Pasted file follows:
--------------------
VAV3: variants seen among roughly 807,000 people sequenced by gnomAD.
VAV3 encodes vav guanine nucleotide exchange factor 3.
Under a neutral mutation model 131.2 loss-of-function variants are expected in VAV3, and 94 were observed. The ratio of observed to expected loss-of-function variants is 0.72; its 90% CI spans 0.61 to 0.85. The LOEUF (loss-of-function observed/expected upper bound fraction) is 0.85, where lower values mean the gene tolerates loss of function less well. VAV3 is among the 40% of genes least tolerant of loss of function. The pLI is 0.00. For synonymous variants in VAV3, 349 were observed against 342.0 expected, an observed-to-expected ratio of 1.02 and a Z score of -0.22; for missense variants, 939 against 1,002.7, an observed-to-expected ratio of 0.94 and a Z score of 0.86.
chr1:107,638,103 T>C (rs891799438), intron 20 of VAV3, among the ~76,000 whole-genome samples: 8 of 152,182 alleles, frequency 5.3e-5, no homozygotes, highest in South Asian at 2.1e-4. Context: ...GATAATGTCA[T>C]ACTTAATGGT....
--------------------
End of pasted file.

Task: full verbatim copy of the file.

VAV3: variants seen among roughly 807,000 people sequenced by gnomAD.
VAV3 encodes vav guanine nucleotide exchange factor 3.
Under a neutral mutation model 131.2 loss-of-function variants are expected in VAV3, and 94 were observed. The ratio of observed to expected loss-of-function variants is 0.72; its 90% CI spans 0.61 to 0.85. The LOEUF (loss-of-function observed/expected upper bound fraction) is 0.85, where lower values mean the gene tolerates loss of function less well. VAV3 is among the 40% of genes least tolerant of loss of function. The pLI is 0.00. For synonymous variants in VAV3, 349 were observed against 342.0 expected, an observed-to-expected ratio of 1.02 and a Z score of -0.22; for missense variants, 939 against 1,002.7, an observed-to-expected ratio of 0.94 and a Z score of 0.86.
chr1:107,638,103 T>C (rs891799438), intron 20 of VAV3, among the ~76,000 whole-genome samples: 8 of 152,182 alleles, frequency 5.3e-5, no homozygotes, highest in South Asian at 2.1e-4. Context: ...GATAATGTCA[T>C]ACTTAATGGT....